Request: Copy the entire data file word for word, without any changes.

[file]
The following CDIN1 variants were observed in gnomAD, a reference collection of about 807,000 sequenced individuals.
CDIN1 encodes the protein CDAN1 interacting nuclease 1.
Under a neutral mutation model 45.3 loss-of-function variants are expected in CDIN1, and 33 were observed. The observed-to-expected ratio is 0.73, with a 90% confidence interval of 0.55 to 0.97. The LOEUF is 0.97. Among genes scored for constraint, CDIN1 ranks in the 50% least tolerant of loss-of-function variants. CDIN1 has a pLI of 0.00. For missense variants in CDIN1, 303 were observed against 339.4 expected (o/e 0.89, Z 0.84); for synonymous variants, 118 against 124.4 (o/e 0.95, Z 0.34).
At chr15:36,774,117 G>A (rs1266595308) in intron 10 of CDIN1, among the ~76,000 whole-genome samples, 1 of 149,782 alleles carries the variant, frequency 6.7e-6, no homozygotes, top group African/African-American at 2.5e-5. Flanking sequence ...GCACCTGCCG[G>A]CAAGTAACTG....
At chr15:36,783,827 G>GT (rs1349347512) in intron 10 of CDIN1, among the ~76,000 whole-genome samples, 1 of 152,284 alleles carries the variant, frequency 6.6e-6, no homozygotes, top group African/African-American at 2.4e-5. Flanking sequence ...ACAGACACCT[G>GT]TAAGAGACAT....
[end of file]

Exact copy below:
The following CDIN1 variants were observed in gnomAD, a reference collection of about 807,000 sequenced individuals.
CDIN1 encodes the protein CDAN1 interacting nuclease 1.
Under a neutral mutation model 45.3 loss-of-function variants are expected in CDIN1, and 33 were observed. The observed-to-expected ratio is 0.73, with a 90% confidence interval of 0.55 to 0.97. The LOEUF is 0.97. Among genes scored for constraint, CDIN1 ranks in the 50% least tolerant of loss-of-function variants. CDIN1 has a pLI of 0.00. For missense variants in CDIN1, 303 were observed against 339.4 expected (o/e 0.89, Z 0.84); for synonymous variants, 118 against 124.4 (o/e 0.95, Z 0.34).
At chr15:36,774,117 G>A (rs1266595308) in intron 10 of CDIN1, among the ~76,000 whole-genome samples, 1 of 149,782 alleles carries the variant, frequency 6.7e-6, no homozygotes, top group African/African-American at 2.5e-5. Flanking sequence ...GCACCTGCCG[G>A]CAAGTAACTG....
At chr15:36,783,827 G>GT (rs1349347512) in intron 10 of CDIN1, among the ~76,000 whole-genome samples, 1 of 152,284 alleles carries the variant, frequency 6.6e-6, no homozygotes, top group African/African-American at 2.4e-5. Flanking sequence ...ACAGACACCT[G>GT]TAAGAGACAT....